Microsoft appears to be wasting no time moving on from the disastrous launch of Windows 8 by announcing its successor on September 30. Redmond is reportedly planning to unveil key features of the new operating system -- codename “Threshold" -- during a media event tentatively planned for that day.
The software company will be unveiling key features of Threshold, with a preview version available for developers on that day or shortly thereafter, according to a report by The Verge, citing sources familiar with Microsoft’s plan. A stable version is expected to be made available for the general public sometime in early 2015.
Windows Losing Marketshare to Windows
For Microsoft, September 30 probably cannot come fast enough. Users have not been impressed with the drastic redesign to the Windows interface. In fact, the latest version only commands 12.54 percent of the market. Even more troubling for Microsoft, Windows 8 and 8.1 suffered a combined loss of 0.06 percentage points from June to July, the first time its share declined.
Its predecessor, Windows 7, is still installed on 51.22 percent of PCs. Even the 13-year-old XP operating system is doing better, representing 24.82 percent of the market, despite the fact that support for the system ended three months ago.
Manufacturers have been just as put off as users of Microsoft’s latest offering. HP is continuing to push Windows 7, and recently sent out an e-mail promoting the five-year-old system over Windows 8 as part of its back-to-school . And shortly after the start of the year, the company quietly removed all of its Windows 8 models from the top pages of its online store.
Two of its three top-selling models are still preloaded with the Windows 7 OS. HP cut the price of the Envy 15t-j100 notebook with Windows 7 installed to $729.99 this week, promoting the OS for its “familiar and intuitive environment.” Lenovo and Dell, which make up the top three PC OEMs along with HP, are also still promoting Windows on their Web sites.
Before the Threshold
Although the exact details of Threshold’s redesign are still unknown, Windows watchers say it will more likely represent a return to the comfortable form of Windows 7, rather than another radical redesign. One detail that has already been announced by Microsoft is the return of the Start menu with a miniature version of the popular feature that was missing from Windows 8.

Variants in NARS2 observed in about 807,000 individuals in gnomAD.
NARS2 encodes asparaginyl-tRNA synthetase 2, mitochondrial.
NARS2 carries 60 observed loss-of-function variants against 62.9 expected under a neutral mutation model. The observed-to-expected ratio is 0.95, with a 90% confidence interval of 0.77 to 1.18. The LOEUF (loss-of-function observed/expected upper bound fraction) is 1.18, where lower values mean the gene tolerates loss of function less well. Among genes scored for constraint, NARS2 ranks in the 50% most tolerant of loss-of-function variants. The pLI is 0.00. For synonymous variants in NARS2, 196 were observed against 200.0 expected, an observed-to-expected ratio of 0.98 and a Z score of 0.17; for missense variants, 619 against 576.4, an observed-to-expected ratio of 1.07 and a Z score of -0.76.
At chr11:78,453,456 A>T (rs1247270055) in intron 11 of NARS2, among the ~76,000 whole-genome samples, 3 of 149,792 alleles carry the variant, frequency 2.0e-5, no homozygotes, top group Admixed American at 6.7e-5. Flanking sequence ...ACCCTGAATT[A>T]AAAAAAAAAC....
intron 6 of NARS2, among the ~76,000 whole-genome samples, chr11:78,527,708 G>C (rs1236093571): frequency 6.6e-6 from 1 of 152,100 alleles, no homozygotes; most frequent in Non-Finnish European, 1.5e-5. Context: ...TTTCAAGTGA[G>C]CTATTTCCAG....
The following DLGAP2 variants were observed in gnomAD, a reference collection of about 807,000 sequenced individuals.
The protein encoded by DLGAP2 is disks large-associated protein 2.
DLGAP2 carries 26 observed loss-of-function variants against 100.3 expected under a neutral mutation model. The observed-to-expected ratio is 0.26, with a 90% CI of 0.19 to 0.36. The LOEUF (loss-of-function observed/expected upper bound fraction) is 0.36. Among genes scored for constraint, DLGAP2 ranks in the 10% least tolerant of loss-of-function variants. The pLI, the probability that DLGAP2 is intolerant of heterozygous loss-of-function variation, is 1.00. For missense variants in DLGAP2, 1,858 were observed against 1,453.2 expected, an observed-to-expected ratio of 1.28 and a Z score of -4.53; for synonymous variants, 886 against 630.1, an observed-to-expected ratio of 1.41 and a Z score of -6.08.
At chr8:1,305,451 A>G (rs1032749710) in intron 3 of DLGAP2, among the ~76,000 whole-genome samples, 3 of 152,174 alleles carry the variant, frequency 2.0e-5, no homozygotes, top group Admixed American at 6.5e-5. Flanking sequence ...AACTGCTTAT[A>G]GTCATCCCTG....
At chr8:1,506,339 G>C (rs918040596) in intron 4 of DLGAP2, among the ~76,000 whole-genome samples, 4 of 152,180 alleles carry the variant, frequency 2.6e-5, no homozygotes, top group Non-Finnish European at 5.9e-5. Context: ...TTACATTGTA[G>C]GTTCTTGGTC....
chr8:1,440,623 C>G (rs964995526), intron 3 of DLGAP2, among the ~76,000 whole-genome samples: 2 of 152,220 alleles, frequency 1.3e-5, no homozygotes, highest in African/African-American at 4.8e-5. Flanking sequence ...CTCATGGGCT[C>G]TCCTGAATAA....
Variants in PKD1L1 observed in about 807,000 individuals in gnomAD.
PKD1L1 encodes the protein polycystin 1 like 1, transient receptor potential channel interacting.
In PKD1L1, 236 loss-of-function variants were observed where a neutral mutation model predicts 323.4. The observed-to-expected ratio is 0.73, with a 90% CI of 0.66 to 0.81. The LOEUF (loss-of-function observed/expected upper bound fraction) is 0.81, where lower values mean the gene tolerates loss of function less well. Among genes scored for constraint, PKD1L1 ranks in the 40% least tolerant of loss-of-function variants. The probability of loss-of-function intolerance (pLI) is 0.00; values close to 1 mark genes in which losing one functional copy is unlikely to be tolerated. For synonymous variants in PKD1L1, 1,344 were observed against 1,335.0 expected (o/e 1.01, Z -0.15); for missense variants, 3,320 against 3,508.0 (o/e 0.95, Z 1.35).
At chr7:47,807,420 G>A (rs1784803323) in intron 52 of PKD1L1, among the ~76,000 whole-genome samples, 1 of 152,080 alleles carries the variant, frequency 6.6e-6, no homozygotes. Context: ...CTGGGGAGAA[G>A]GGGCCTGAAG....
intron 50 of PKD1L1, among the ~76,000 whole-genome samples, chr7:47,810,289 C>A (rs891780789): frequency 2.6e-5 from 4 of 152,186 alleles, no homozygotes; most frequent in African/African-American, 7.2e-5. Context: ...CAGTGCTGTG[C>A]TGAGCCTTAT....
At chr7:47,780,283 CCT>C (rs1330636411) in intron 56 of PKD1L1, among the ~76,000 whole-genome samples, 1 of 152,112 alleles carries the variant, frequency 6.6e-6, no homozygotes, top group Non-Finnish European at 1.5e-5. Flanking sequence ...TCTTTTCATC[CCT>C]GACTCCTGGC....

Meanwhile, the Charms bar, which provides shortcuts to certain system functions, will likely disappear in the new version. Users will also have the ability to run Metro apps in individual desktop windows, similar to how previous versions of the operating system worked.
However, not all of the improvements expected in Windows 9 are confined to just bringing back the look and feel of Windows 7. Cortana, the digital personal assistant found on Microsoft’s Windows Phone 8.1, is expected to make its desktop debut with Threshold. Virtual desktop support may be another feature that will be unveiled September 30.
Posted: 2014-09-07 @ 12:50am PT
I don't know why you people don't want to change yourself with the new technology. Windows 8.1 is far better then that Windows XP. Windows 7 or XP seems boring after use of Windows 8 or 8.1 ....
Only thing you people just need to remember "learn and re learn".
This should be the rule of life. Without this, you will keep blaming Microsoft for pushing you out from your comfort zone.
Posted: 2014-09-05 @ 4:49am PT
I have no confidence that Microsoft is actually listening to its customers. One of the most unpopular things about Windows 8 is the flat design ethic and the loss of the graphically rich Aero glass.
It's like Microsoft are trying to sell us black and white television as an "upgrade" to HD colour TV.
The worst thing is, when 3rd party add ons come out to correct their mistakes, they remove the code these add ons use in their service packs.
Have you ever seen any other business that works so hard to deny customers their choice?
Posted: 2014-08-29 @ 1:01pm PT
I have been wanting a new computer, however I will not buy anything that is like Windows 8. I have seen it and tried to use it and it's awful. So, if they do not get back to the basics, then I will not be getting a new one.
Posted: 2014-08-26 @ 2:32pm PT
What's with the stupid picture icons? Are they marketing to 14 year olds? Is this the end of serious computer use and everything is now a game display? On a smartphone, it's ok because it's easier to see an icon than text.
Posted: 2014-08-25 @ 1:07pm PT
It's about time to stop using MS Windows and IE.
Windows 9 is the same OLD thing.
Posted: 2014-08-24 @ 10:32pm PT
Is windows 9 going be better then windows 8 or 8.1 and faster?
Posted: 2014-08-22 @ 3:33pm PT
Go buy some Apple garbage then. What exactly is inferior?
Posted: 2014-08-21 @ 1:06pm PT
Windows 8 is an inferior product. If Windows 9 is better, I will still have to pay heavily for the change. Microsoft wins either way. Sold me a mangy dog and will make me pay again for a better version. Stopped support for a really good product because it lasted too long and they didn't have a way of wringing more money out of me. Shame on you Microsoft. You should refund all the money invested in a lemon. And goodbye to the charms and apps. What about just a good basic computer without the silly bells and whistles?